Solicitation of New Safe Harbors and Special Fraud Alerts

CourtInspector General Office
Citation86 FR 71611
Publication Date17 December 2021
Record Number2021-27314
Federal Register, Volume 86 Issue 240 (Friday, December 17, 2021)
[Federal Register Volume 86, Number 240 (Friday, December 17, 2021)]
                [Proposed Rules]
                [Pages 71611-71612]
                From the Federal Register Online via the Government Publishing Office []
                [FR Doc No: 2021-27314]
                Office of Inspector General
                42 CFR Part 1001
                Solicitation of New Safe Harbors and Special Fraud Alerts
                AGENCY: Office of Inspector General (OIG), Department of Health and
                Human Services (HHS or the Department).
                ACTION: Notification of intent to develop regulations.
                SUMMARY: In accordance with section 205 of the Health Insurance
                Portability and Accountability Act of 1996 (HIPAA), this annual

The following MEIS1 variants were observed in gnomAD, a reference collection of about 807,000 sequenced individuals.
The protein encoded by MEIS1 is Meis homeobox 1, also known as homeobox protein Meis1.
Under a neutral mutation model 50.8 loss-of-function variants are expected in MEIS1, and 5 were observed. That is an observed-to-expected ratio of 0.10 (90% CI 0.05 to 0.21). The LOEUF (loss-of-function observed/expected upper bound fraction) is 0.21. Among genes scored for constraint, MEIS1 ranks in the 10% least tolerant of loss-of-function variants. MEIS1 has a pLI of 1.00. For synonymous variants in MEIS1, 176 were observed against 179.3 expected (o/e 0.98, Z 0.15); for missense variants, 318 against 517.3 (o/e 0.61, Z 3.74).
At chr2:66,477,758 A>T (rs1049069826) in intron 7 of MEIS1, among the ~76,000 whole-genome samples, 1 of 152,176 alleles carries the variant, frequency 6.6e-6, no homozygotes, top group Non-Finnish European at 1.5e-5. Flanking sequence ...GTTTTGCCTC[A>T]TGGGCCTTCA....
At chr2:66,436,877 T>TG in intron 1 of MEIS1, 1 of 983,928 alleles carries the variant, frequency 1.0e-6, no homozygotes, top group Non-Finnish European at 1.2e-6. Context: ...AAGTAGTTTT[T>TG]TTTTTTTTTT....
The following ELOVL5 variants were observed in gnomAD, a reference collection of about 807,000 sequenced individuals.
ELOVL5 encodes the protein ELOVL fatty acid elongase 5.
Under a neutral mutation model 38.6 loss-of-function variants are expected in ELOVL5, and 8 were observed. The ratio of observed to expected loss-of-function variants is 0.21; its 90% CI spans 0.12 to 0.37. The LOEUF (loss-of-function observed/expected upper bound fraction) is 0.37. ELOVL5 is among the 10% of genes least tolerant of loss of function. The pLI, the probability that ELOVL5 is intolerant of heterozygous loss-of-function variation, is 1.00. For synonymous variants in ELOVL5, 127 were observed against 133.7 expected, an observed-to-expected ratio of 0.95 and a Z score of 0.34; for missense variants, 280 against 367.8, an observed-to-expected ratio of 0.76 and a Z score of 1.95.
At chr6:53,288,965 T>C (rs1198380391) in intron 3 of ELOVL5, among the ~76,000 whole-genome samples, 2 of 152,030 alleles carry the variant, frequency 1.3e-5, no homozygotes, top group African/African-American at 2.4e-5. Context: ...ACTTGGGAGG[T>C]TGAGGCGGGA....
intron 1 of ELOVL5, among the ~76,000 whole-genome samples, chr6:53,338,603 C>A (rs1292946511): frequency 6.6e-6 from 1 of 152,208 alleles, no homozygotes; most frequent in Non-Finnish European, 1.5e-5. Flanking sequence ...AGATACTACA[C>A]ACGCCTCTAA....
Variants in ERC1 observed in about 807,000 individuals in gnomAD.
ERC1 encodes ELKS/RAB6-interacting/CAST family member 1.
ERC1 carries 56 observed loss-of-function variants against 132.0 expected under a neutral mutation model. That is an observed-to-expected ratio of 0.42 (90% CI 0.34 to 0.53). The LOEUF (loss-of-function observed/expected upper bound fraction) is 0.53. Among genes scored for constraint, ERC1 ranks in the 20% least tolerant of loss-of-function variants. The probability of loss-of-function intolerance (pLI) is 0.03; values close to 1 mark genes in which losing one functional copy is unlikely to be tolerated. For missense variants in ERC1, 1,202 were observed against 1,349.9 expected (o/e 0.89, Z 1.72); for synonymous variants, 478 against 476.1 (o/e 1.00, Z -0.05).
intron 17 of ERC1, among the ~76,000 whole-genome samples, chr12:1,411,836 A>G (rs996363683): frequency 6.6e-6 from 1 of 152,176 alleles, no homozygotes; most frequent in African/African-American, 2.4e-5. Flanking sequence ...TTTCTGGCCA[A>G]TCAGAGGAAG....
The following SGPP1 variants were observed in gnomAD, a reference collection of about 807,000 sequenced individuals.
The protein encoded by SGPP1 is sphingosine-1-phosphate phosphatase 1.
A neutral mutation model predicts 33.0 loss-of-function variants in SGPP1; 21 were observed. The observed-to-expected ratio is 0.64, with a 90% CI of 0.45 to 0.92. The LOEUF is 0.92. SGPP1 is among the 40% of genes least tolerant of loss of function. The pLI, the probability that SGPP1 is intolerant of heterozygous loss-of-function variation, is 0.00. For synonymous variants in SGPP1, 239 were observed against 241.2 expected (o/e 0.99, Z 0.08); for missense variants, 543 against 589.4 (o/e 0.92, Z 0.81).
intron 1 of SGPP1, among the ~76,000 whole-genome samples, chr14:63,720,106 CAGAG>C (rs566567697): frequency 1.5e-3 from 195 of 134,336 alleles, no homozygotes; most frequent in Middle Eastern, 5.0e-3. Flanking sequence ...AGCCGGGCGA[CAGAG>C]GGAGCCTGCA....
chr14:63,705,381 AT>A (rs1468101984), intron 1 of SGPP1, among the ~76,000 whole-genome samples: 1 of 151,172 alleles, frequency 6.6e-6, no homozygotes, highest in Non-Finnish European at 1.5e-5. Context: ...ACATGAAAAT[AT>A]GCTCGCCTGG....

notification solicits proposals and recommendations for developing new,
                or modifying existing, safe harbor provisions under section 1128B(b) of
                the Social Security Act (the Act), the Federal anti-kickback statute),
                as well as developing new OIG Special Fraud Alerts.
                DATES: To ensure consideration, public comments must be received no
                later than 5 p.m. on February 15, 2022.
                ADDRESSES: In commenting, please refer to file code OIG-1121-N. Because
                of staff and resource limitations, we cannot accept comments by fax
                transmission. You may submit comments in one of two ways (no
                duplicates, please):
                 1. Electronically. You may submit comments electronically at
       Follow the ``Submit a comment''
                instructions and refer to file code OIG-1121-N.
                 2. By regular, express, or overnight mail. You may send written